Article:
What Is Religion?

Religion is a cultural system of beliefs and practices that gives meaning to life and provides moral guidance for human behavior. It also may serve to reinforce social unity and stability, provide a mechanism of social control of behavior, promote physical and psychological well-being, and motivate people to work for positive social change.

Many people in Western societies associate religious belief with a specific religion, such as Christianity, Judaism, or Islam. However, religious faith can take many forms and be practiced in a wide variety of contexts. Religions can be characterized by their beliefs, their practices, their rituals, and their symbols. Various disciplines have studied religion, including psychology, sociology, history, and anthropology, since the 19th century. Their contributions have helped prepare the way for a more analytical approach to religion and to give rise to modern studies in religious history.

Traditionally, scholars have defined religion in terms of its beliefs and practices and their relationship to a supernatural creator figure. A more current view defines religion as a worldview, or system of values and attitudes that help individuals make sense of the world around them. This definition makes more sense in a complex, globalized world where endless philosophies and ideologies compete for attention and instantaneous communications connect people with different traditions of thought.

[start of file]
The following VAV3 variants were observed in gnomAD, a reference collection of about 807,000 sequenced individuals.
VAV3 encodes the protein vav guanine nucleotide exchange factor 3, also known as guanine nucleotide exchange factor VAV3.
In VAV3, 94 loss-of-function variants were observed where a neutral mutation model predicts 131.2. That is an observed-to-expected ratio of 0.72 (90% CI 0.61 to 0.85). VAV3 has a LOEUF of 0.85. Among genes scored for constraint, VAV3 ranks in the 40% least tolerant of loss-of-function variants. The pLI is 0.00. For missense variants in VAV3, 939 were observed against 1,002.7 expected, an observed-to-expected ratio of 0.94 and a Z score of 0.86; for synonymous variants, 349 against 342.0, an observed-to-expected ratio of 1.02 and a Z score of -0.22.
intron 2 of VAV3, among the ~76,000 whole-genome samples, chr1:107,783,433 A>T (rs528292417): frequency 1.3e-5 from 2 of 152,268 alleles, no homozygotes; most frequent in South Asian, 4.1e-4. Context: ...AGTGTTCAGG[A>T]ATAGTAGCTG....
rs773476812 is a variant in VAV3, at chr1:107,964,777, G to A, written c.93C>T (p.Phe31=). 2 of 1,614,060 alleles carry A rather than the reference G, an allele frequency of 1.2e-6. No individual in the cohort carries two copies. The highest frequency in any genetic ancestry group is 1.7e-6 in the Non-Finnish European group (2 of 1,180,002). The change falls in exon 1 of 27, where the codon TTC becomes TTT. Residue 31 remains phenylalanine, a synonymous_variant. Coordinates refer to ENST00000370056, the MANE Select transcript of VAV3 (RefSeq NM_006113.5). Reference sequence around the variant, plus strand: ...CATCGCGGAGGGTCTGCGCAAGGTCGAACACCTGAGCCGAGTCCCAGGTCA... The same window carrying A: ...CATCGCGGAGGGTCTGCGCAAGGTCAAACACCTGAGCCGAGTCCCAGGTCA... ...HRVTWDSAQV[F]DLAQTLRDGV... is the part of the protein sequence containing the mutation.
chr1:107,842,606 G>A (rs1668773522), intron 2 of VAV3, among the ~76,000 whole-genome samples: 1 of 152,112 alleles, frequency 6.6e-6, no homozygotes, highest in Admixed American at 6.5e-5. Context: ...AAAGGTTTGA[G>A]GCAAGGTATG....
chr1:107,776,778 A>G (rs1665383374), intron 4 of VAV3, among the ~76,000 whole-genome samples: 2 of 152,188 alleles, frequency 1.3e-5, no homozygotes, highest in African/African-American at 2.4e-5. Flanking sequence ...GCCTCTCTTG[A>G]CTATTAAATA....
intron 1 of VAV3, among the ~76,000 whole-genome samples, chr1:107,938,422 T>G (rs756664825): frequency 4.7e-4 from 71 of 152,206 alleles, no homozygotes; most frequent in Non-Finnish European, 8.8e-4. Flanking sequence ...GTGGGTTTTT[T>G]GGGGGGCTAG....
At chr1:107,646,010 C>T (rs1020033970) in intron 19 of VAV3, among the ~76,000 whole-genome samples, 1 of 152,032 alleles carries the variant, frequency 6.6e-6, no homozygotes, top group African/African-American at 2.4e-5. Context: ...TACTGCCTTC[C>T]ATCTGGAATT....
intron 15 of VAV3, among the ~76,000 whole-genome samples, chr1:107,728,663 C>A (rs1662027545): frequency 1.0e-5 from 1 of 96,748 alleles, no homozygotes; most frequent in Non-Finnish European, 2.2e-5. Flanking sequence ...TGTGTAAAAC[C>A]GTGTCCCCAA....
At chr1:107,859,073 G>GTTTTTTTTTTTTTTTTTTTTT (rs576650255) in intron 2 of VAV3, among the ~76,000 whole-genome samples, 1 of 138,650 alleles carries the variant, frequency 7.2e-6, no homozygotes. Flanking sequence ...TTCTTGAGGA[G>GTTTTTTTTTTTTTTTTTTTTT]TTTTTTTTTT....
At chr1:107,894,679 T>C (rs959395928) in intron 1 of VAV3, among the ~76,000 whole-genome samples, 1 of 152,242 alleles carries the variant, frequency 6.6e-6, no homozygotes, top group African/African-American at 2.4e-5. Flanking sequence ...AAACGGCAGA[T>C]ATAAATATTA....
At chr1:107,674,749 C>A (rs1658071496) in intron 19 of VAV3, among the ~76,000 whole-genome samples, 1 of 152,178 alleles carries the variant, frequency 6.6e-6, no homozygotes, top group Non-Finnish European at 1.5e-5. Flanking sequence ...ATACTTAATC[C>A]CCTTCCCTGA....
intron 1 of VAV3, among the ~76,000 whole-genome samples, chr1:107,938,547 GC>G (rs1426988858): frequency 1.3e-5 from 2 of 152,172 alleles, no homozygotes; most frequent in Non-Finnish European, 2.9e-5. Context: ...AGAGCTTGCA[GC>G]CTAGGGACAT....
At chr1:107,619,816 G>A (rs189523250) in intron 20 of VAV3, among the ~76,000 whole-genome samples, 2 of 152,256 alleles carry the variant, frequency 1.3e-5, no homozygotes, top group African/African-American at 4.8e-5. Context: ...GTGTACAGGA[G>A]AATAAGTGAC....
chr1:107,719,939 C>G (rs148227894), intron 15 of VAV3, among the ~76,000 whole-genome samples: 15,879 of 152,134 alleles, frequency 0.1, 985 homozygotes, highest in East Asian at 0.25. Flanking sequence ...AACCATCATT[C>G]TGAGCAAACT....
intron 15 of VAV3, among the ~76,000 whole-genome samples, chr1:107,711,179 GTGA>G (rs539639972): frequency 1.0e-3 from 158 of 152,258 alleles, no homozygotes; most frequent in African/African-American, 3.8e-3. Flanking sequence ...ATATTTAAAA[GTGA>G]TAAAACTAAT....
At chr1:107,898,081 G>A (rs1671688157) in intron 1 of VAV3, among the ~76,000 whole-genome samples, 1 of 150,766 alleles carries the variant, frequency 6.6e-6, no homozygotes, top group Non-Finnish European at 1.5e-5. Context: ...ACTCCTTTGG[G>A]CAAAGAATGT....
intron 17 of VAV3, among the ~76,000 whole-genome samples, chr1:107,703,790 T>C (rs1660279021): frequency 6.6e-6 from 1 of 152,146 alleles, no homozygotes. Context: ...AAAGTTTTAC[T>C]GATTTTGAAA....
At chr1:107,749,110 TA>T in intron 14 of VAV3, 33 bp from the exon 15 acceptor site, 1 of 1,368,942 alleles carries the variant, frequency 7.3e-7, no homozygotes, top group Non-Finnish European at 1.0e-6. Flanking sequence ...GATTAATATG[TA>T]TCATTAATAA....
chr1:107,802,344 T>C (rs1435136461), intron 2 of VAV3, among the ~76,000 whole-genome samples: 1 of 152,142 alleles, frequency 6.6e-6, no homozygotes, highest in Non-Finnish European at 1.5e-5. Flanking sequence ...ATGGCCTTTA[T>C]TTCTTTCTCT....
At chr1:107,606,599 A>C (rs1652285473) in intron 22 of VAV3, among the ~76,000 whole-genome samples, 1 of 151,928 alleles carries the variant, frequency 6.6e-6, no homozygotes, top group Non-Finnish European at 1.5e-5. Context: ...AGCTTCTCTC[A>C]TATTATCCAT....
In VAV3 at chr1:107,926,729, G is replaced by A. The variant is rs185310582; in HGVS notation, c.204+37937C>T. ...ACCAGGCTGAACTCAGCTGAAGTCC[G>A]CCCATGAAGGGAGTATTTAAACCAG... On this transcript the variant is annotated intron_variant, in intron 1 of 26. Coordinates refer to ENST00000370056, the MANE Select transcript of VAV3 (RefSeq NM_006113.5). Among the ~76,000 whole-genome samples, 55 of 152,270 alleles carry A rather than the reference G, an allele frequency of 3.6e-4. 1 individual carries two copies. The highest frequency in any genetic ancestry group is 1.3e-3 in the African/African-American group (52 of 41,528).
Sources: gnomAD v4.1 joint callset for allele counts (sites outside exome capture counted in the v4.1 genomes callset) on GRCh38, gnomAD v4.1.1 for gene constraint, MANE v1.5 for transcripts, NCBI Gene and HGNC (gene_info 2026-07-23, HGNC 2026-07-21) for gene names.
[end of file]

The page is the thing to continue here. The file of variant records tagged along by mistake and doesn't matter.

Religion has been a subject of study for a wide range of disciplines, including psychology, sociology, history, anthropology, and theology. Each discipline has its own approaches to understanding religion, although most of them use a cross-sectional approach, examining the basic patterns and structures of a religious tradition. For example, psychology views the religious experiences and feelings of believers, sociology examines the institutions that make up a religion and their relationship to its beliefs and values, and literary and other studies seek to elucidate the meaning of myths and other symbols.

One of the first attempts to analyze religion was made by Ninian Smart, who used a four-sided model involving the sacred, the mythological, and the sociological dimensions of a religious tradition. A fifth dimension, a materialist one, can be added by recognizing the contribution of a religious group’s body, habits, and physical culture.

The function of religion is to bring people into contact with sacred matters, and to that end it usually promotes a greater psychological and physical well-being for its members. Religion is often a source of comfort in difficult times, and can help a person find meaning in his or her experience by giving it a transcendent perspective.

The functionalist views of religion are based on the assumption that religious groups always have some of these four functions and that, in this way, they are unique. This view can be criticized, however, because it assumes that all religions are identical and therefore is not sensitive to the diversity of the human experience.